Bringing his best with soft melodies, husky vocals, and vintage lyrics, Evan Cheadle is getting ready to release his upcoming album, Fault Line Serenade, on June 11th.
The Victoria, BC, singer-songwriter takes listeners back in time to the heyday of the 60s and 70s, having such admiration of music during this time period. With influences of rock n’ roll of all varieties, he’s been writing, recording, and performing his own music since 2013, while honing his own distinctive sound.
Stumbling upon one of Cheadle’s performances, Ryan Boldt, band member of the Deep Dark Woods, enjoyed his performance so much, he invited him to join the band. Deep Dark Woods, based on the east coast of Canada, draws lines from Celtic folk songs to country blues, which would fit in the realm of Cheadle’s musical direction.
Touring with the band for several years, the singer also set aside time to create his own works, and stayed true to his artistry, which is how Fault Line Serenade came about. Drawing influence from his collection of classic records which include Bobbie Gentry, Bert Jansch and Tim Hardin to name a few, the singer felt a need to dive into these for overall inspiration for his own tracks.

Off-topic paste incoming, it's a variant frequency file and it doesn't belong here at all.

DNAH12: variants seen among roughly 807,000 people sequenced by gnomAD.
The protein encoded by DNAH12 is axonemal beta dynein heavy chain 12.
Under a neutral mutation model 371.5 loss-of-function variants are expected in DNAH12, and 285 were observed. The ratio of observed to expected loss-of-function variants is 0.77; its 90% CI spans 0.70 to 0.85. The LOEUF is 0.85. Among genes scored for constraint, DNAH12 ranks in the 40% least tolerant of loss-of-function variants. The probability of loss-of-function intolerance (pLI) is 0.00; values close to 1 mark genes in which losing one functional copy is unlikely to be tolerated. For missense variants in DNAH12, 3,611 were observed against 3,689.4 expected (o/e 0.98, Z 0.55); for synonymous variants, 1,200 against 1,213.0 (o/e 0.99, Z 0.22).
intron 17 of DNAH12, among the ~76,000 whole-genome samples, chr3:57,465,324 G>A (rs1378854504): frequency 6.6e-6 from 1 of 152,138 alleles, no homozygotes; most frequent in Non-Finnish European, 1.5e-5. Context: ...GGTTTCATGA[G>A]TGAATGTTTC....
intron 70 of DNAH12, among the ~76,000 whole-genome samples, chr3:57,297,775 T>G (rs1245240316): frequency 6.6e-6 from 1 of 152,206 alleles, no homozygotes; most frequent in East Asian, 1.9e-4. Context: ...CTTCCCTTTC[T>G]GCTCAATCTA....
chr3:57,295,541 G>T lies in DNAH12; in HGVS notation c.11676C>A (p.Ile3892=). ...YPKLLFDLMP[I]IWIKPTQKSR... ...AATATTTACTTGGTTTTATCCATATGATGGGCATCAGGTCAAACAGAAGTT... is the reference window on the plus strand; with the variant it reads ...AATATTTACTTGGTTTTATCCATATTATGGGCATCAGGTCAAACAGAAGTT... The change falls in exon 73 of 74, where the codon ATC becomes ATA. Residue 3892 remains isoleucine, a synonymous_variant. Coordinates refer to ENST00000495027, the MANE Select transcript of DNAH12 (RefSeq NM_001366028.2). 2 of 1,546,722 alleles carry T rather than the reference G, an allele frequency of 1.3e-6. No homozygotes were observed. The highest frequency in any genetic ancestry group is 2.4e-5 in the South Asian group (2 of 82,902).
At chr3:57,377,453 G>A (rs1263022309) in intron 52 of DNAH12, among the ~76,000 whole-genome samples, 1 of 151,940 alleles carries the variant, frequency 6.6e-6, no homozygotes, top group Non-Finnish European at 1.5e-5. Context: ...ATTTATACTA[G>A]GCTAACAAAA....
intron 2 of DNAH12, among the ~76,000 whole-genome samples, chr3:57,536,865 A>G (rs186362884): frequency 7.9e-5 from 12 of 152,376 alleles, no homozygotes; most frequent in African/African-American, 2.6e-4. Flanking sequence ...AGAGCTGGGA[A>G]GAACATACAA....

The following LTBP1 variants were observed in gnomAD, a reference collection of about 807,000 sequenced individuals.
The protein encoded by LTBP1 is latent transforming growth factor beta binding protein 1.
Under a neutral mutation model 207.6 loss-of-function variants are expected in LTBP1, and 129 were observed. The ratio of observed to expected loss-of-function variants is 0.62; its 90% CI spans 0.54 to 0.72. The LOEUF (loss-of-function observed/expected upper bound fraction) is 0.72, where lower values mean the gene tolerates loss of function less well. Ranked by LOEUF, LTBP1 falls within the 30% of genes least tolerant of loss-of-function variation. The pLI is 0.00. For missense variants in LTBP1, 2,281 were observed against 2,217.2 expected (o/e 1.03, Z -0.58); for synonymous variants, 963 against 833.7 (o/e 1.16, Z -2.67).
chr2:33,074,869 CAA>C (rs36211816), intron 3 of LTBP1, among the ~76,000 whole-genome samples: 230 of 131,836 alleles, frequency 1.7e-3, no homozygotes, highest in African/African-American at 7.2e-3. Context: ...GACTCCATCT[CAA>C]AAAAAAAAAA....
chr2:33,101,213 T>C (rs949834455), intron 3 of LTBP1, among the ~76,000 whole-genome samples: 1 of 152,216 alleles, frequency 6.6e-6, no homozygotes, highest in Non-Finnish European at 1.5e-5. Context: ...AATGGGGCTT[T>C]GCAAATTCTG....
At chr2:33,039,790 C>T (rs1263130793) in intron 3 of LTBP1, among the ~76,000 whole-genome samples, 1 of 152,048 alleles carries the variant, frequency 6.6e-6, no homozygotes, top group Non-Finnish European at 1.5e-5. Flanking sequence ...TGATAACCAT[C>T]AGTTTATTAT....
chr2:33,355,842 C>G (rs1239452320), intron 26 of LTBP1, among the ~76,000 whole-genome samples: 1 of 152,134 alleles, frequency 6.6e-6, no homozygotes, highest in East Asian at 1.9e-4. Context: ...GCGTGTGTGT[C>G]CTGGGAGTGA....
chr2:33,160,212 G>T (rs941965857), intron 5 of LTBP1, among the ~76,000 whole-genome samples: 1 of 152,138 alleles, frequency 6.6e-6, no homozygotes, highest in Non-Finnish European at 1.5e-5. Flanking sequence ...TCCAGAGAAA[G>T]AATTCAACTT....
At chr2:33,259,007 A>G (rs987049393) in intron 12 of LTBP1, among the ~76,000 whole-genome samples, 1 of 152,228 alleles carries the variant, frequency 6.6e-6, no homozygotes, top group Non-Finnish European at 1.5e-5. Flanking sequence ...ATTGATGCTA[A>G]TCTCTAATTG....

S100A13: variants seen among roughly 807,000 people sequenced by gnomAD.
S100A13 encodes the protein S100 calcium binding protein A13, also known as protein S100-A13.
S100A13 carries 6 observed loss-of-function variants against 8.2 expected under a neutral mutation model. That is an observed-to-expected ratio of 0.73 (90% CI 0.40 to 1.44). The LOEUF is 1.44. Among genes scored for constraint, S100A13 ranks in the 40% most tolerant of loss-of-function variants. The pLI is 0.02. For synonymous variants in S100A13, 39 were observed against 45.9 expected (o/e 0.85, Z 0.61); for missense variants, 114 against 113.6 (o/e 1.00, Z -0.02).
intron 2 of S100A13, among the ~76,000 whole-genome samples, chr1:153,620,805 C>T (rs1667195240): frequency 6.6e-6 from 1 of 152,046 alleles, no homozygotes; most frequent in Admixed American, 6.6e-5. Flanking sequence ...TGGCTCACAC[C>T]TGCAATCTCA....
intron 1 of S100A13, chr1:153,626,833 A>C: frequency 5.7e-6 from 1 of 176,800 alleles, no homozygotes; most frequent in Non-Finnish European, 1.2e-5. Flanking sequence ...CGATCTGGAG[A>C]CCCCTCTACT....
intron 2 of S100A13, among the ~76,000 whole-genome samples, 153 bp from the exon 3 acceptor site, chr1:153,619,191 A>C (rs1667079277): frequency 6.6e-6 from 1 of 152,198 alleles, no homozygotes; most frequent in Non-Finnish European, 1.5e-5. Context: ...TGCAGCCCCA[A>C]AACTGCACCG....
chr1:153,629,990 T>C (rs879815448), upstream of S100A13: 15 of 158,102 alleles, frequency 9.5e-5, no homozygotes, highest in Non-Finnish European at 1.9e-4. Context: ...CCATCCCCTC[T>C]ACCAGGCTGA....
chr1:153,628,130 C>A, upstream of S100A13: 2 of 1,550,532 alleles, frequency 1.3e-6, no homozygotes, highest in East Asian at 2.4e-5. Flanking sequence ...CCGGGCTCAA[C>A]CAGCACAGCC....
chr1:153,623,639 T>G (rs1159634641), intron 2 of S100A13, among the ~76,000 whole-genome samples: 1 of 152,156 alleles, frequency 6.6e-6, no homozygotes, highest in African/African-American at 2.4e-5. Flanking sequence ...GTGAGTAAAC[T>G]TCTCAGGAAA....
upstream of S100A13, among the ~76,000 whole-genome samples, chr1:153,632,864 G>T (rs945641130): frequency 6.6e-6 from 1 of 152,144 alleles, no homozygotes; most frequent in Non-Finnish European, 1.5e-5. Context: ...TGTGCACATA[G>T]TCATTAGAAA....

The new album very much so incorporates the vintage atmosphere and overall feel by such songwriters of yore. One song that struck me was one of the early tracks, “Sorrow in the Morning.” With such compelling instrumentation from the beginning, it leaves you wondering what will happen next, while highlighting his voice, which draws you in like a magnet. Rich in timbre and warm in color, this song shows the dynamic sound he achieves throughout the album.
Having such interest in Americana and folk music growing up, Cheadle achieves this in his own stripped-down folk-ballad, “Ice Water.” Sometimes all you need is a simple guitar melody and a clear voice, which is evident in this particular song. Not many people can pull off such a simple melody, but this is where he thrives highlighting more off-kilter yet pleasing chords and notes.
Not only do his vocals shine, but he delivers distinct instrumentation that strikes right away. Analogue Magazine discussed him and his music saying, “Cheadle’s intricate guitar picking and delicate vocals instantly transport listeners to a diverse musical world inhabited by the likes of Bert Jansch, Nick Drake and Harry Nilsson, all-the-while avoiding nostalgia’s tepid waters; Cheadle, it seems, stands outside of time.” Enough can’t be said about his knack for channeling the classic folk-styles with authenticity and charm.
With most of the album recorded in a home studio, he had the time and space to make all of the songs truly his own. He says this record has more of a textured sound with harmony vocals, violin, organ, bass, drums, and so on. With such a full sound and riveting arrangements, this album is not to be overlooked.